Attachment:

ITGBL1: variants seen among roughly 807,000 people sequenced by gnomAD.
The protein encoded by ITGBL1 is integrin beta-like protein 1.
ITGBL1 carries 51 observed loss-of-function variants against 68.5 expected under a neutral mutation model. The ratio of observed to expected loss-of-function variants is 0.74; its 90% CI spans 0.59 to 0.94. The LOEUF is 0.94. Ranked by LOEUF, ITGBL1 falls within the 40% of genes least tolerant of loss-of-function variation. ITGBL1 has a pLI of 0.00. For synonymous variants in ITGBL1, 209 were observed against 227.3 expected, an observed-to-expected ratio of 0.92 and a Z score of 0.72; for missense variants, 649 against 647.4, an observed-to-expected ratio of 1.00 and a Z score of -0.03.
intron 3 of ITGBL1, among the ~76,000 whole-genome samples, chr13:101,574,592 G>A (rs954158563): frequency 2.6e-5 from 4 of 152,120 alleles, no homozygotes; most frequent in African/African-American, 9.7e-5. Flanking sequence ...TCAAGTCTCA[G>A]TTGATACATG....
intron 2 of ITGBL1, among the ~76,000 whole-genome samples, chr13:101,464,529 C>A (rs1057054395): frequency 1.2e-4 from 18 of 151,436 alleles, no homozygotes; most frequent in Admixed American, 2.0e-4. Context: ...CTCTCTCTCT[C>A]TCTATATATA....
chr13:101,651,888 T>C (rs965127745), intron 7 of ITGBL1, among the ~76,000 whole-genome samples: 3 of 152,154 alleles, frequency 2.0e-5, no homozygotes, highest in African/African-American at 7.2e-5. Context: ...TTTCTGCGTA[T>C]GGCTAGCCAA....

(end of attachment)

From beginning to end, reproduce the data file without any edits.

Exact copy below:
ITGBL1: variants seen among roughly 807,000 people sequenced by gnomAD.
The protein encoded by ITGBL1 is integrin beta-like protein 1.
ITGBL1 carries 51 observed loss-of-function variants against 68.5 expected under a neutral mutation model. The ratio of observed to expected loss-of-function variants is 0.74; its 90% CI spans 0.59 to 0.94. The LOEUF is 0.94. Ranked by LOEUF, ITGBL1 falls within the 40% of genes least tolerant of loss-of-function variation. ITGBL1 has a pLI of 0.00. For synonymous variants in ITGBL1, 209 were observed against 227.3 expected, an observed-to-expected ratio of 0.92 and a Z score of 0.72; for missense variants, 649 against 647.4, an observed-to-expected ratio of 1.00 and a Z score of -0.03.
intron 3 of ITGBL1, among the ~76,000 whole-genome samples, chr13:101,574,592 G>A (rs954158563): frequency 2.6e-5 from 4 of 152,120 alleles, no homozygotes; most frequent in African/African-American, 9.7e-5. Flanking sequence ...TCAAGTCTCA[G>A]TTGATACATG....
intron 2 of ITGBL1, among the ~76,000 whole-genome samples, chr13:101,464,529 C>A (rs1057054395): frequency 1.2e-4 from 18 of 151,436 alleles, no homozygotes; most frequent in Admixed American, 2.0e-4. Context: ...CTCTCTCTCT[C>A]TCTATATATA....
chr13:101,651,888 T>C (rs965127745), intron 7 of ITGBL1, among the ~76,000 whole-genome samples: 3 of 152,154 alleles, frequency 2.0e-5, no homozygotes, highest in African/African-American at 7.2e-5. Context: ...TTTCTGCGTA[T>C]GGCTAGCCAA....